Liberal. Conservative. Moderate. Left. Right. Centrist. Populist. Socialist. Democrat. Republican. Independent.
Let's be honest: lately we've spent more time coming up with different words and connotations than deriving actual meanings and results.
Personally speaking, I'm a registered and dues-paying Republican. I've voted Party-line since I've been able to vote, but don't hold that against me, because it's not like I'm saying I voted for ultra-conservative Sen. Rick Santorum (recently defeated in Pennsylvania) or Alan Keyes over Barack Obama in the '04 Illinois Senate race... it's just saying that when I had a choice, the Democrats weren't formidable enough to secure my vote.
Specifically, I'd say there's something about limited government, low taxes, and a strong defense that resonates with me. At least that's the Republican Party I read about years ago. I saw my mom pull three boys and herself up by her bootstraps, with both Reagan/Bush 41 and Clinton in power with little change, and I've largely done the same for myself. I don't need a government slowing me down while I climb higher than any person in my entire family has ever reached...the more money they let me keep for myself, the more I can give my mom for her first-ever mortgage.
Now-a-days though, social conservatives like Santorum, Pat Robertson and other's from the 'religious right' have wrestled the Party's base to the Bible Belt and away from the more East Coast-friendly fiscal conservatives and military/foreign policy intellects of Administrations past and present (i.e. Ike Eisenhower to Colin Powell).
Having grown up in the South (Carolina and Texas), I guess I should be comfortable in this environment of social confinement and Christian-over-Common Sense policies, but lately I've grown increasingly impatient and annoyed with the (lack of) Common Sense of my affiliation's leaders.
It's no coincidence my choice for our next president, Sen. John McCain, recently sent an email to members of his PAC (political action committee) 'Straight Talk America' about common sense conservatism and getting back to the real roots of the Party. The roots guys like Abe Lincoln, Teddy Roosevelt and Ronald Reagan built, strengthen and mastered.
It's funny though...how quick people are to assume things about me because of my political affiliation. They say I'm pro-death penalty (i.e. especially for innocent people); pro-big business (i.e. Halliburton); pro-life (i.e. women have no rights). Pro-military (i.e. let's fight every war possible); pro-church (i.e. learning the 10 Commandments is more important than Arts & Sciences). I could go on and on...
I even had one friend say he thought I was only a Republican because I liked being a novelty. The notion is entertaining at best, considering I look at upper-middle class, historically-privileged, educated/so-called intellects every single day whom I could more soundly argue are Democrats for self-gratifying reasons as well. However, I try not to judge one's political preferences, instead choosing to judge how they go about discussing them.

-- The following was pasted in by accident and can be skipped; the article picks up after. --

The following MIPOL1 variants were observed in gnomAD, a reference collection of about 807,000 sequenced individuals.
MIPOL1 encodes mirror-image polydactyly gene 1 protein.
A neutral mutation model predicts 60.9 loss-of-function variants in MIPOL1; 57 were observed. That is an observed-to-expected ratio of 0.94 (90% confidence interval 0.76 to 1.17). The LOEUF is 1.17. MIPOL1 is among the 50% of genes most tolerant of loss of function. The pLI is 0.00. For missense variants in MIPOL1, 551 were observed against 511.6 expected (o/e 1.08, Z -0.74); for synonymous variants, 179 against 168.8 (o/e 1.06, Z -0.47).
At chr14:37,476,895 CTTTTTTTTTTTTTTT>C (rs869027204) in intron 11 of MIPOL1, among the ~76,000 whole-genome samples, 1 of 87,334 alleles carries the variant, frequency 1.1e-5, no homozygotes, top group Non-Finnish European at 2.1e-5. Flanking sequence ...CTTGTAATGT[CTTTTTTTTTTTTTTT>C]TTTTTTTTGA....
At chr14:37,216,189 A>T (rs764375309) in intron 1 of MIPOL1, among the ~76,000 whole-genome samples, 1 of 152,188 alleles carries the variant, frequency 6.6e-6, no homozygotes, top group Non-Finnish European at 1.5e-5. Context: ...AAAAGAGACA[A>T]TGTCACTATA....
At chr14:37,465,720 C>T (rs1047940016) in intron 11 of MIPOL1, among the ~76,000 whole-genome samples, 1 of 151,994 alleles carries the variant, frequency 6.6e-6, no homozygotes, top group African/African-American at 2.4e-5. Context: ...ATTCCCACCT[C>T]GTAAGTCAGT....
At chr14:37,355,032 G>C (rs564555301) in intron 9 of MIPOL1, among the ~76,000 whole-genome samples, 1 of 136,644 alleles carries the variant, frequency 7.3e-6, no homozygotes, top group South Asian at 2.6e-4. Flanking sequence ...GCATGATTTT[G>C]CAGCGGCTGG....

Truth be told, I'm a fairly moderate Republican at best. In latter years, I may even be confused for a moderate-to-conservatve Democrat a la Virginia Senator-elect Jim Webb (formerly of the Reagan Administration). Regardless, I don't associate myself with a party as much as I associate myself with principles. You know ... those things we used to base our political decisions on.
I'm not quite sure whom to blame for our lack of foresight with regard to our political choices. Maybe it was when we lost our popular president in 2000. Maybe it was before that, when Gerald Ford pardoned his friend Richard Nixon. Still, maybe it was slightly before that when Martin Luther King and Bobby Kennedy died in too short a span. Somewhere in the shuffle Lyndon B. Johnson's Great Society transformed into America's Assuming Society.
Our assumptions, about political leaders/candidates ... about the views of others ... about the causes of struggle in America, have faulted us to the point that we fail to see beyond those words I listed at the outset.
Where we once tried to find common ground, we now try to find uncommon denominators. But even denominators have a numerator...meaning, even Republicans and Democrats and Independents have similar views on some issues and policies.
So whenever I start a political conversation with someone, I try to hone in on what we already agree on, what we already know, and what we both want in the future. I think when we do that, we'll stop looking at whether someone is pro-choice or pro-life or anti or for the death penalty and we'll concentrate on real-life, real-time issues like taxes and education and health care.
I don't like to spend time talking about being a Republican as much as I like to invest dialogue and effort into supporting the principles behind that word. Likewise, I think we can all agree there is no such thing as a perfect political party and our best hope is to make the party of our choice as good as possible. I guess that's why I'm sticking with the Rs through hell or high water instead of switching back and forth like a porn star.
Anyway, this wasn't about my politics as much as it was about my undying hope that one day soon, we'll replace our need for definitions and connotations with decision-making and compromises.